Stack v. Abbott Laboratories, Inc. (Lawyers Weekly No. 13-03-1040, 24 pp.) (Thomas D. Schroeder, J.) 1:12-cv-00148; M.D.N.C.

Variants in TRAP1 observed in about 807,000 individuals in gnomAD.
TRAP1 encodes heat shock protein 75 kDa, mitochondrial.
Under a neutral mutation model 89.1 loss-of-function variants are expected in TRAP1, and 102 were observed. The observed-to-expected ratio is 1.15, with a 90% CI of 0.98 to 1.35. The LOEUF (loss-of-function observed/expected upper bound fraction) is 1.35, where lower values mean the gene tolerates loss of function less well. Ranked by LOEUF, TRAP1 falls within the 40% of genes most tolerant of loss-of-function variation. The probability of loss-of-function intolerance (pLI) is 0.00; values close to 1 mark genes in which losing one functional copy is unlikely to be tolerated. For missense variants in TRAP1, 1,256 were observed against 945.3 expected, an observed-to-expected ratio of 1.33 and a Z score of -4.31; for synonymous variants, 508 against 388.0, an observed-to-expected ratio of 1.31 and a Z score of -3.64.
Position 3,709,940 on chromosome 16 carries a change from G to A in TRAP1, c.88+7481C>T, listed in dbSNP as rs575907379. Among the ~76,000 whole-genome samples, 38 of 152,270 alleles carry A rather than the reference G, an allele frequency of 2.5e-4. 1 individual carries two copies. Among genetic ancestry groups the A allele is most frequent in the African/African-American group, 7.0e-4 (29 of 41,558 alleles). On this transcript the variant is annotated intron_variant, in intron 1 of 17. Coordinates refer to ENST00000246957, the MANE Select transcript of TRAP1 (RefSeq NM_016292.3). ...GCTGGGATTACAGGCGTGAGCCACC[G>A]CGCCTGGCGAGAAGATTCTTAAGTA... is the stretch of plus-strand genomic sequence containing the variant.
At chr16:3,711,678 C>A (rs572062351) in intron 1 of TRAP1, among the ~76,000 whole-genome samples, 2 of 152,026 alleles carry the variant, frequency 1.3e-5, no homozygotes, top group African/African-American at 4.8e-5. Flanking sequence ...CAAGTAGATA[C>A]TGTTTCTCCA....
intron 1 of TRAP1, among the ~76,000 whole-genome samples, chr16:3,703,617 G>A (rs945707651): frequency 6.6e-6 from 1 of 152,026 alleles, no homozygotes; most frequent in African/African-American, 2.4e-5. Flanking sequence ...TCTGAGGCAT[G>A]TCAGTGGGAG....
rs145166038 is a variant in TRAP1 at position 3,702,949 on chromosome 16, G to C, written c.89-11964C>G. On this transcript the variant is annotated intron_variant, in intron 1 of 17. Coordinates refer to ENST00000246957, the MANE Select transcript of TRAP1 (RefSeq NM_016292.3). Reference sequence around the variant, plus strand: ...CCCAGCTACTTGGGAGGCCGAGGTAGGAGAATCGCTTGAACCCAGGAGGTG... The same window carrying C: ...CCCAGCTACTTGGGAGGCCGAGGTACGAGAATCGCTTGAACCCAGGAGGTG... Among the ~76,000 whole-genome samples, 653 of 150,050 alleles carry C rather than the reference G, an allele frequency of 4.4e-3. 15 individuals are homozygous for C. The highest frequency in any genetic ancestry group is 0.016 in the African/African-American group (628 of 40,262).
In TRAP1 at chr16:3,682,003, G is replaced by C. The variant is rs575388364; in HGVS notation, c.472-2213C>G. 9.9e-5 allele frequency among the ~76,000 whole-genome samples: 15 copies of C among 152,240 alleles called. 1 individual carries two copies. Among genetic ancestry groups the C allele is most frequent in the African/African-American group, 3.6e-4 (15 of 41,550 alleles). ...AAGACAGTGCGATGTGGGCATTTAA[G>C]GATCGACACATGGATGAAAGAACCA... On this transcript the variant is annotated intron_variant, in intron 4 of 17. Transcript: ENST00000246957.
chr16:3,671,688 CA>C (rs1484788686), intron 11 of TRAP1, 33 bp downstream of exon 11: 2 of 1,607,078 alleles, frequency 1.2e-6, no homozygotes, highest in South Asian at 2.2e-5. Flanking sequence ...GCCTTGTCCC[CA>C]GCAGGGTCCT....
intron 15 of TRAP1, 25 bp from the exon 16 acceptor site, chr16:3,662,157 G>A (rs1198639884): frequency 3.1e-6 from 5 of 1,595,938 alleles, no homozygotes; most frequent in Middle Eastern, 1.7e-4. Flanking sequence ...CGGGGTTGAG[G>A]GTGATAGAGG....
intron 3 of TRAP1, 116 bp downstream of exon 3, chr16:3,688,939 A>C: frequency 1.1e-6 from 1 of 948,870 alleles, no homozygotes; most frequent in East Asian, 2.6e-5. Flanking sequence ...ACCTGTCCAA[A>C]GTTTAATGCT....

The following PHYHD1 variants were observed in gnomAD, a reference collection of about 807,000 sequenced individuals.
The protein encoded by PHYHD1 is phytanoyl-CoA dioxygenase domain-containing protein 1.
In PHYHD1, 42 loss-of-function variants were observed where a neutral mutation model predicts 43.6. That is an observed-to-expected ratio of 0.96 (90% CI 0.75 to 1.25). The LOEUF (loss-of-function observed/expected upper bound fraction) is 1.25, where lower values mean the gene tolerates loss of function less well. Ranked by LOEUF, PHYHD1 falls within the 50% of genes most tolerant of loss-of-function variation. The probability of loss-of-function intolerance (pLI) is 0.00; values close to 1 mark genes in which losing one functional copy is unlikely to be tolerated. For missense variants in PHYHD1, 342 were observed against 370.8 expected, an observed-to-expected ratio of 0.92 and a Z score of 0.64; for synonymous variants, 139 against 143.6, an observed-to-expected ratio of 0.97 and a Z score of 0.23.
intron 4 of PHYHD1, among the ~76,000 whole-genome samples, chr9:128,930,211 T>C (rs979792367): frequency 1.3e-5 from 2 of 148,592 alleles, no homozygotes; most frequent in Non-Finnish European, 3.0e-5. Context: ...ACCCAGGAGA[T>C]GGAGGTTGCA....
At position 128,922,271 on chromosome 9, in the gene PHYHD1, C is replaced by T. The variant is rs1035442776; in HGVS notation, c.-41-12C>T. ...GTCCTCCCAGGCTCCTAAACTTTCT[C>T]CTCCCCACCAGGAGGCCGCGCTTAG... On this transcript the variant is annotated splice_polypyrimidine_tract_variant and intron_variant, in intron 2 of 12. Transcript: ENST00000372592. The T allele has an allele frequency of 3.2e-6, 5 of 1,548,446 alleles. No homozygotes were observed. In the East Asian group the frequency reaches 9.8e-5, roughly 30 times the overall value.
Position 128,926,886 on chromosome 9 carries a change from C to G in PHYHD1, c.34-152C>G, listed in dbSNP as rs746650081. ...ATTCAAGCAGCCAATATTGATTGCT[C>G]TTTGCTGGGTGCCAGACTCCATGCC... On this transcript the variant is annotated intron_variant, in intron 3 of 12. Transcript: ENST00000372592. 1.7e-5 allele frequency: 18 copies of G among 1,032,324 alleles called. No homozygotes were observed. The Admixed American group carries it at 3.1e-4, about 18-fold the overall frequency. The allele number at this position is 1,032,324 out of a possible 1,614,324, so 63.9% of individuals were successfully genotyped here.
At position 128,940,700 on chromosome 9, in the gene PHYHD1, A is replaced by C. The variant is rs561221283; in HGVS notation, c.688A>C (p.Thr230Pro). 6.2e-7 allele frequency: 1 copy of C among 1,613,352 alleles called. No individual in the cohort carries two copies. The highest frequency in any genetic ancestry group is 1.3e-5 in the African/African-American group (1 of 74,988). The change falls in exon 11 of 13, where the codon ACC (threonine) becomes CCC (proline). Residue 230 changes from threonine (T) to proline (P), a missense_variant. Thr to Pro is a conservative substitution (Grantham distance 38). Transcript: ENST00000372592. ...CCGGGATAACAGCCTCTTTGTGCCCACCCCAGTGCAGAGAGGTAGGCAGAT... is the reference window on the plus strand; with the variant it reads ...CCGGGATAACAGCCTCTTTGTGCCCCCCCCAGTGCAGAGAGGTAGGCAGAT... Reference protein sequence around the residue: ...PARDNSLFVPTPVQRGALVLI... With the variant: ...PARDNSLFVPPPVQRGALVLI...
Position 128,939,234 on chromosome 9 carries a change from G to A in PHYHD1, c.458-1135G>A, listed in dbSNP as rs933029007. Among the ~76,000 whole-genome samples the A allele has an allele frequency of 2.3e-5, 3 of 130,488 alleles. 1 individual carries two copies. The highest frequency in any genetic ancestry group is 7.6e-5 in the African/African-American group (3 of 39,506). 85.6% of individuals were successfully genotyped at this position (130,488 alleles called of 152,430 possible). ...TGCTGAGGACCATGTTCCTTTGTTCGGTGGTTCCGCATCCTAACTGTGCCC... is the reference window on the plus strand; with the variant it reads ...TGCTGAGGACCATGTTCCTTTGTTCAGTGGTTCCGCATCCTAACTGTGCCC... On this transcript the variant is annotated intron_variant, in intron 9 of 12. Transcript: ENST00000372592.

Holding: Plaintiff’s claim for royalties affects only his relationship with defendant Abbott Laboratories, Inc. and its affiliates under the parties’ consulting contract; the failure to pay the royalties is alleged only to be a breach of contract and no more. Therefore, plaintiff’s unfair trade practices claim predicated on the failure to pay royalties fails. Defendants’ motion to dismiss is granted in part and denied in part. Even if Abbott’s failure to include plaintiff’s name on Abbott’s patent applications violates the parties’ contract and was done “deliberately and in bad faith, to marginalize [plaintiff’s] value in the marketplace, to advance defendants’ market position, and to enrich defendants financially,” such conduct was nevertheless within the contemplation of the parties when they drafted their contract. The claim is thus one of contract interpretation and performance, which is regulated by contract law, not the Unfair and Deceptive Trade Practices Act. Plaintiff argues that Abbott’s removal of a reference to someone else’s patent from its product packaging caused plaintiff harm (because that other patent referred to one of plaintiff’s patents). Even if that is the case, plaintiff fails to explain how he enjoys any right to insist on the reference to someone else’s patent on any of Abbott’s products. Any effect on plaintiff would be collateral, at best, and falls well outside the bounds of an unfair trade practices claim. The only link between defendant Abbot Vascular, Inc. and plaintiff’s claims is the fact that an Aug. 28, 2006 letter – regarding Abbott Lab’s purchase of the company plaintiff had done business with – was written on Abbott Vascular’s letterhead. The motion to dismiss Abbott Vascular is granted without prejudice. The parties’ contract is governed by California law, which has a four-year statute of limitations. All claims accruing before Feb. 13, 2008 fall outside the limitations period. A letter from an Abbott employee acknowledging Abbott’s obligation to make a payment is not enough to equitably estop Abbott from relying on the statute of limitations defense. Any of plaintiff’s claims that accrued before Feb. 13, 2008 are dismissed without prejudice. Plaintiff has pleaded a plausible breach of contract claim by alleging that Abbott has failed to pay royalties and “launch payments” relating to three specifically defined product types that Abbott agreed (in the contract) were “Royalty Bearing Products.” If Abbott was satisfied, as it necessarily was, to have these definitions serve as the basis for assessing its liability for payment of royalties to plaintiff, the court is not persuaded by Abbott’s current claim that it now lacks adequate notice of which of its products plaintiff’s lawsuit is about.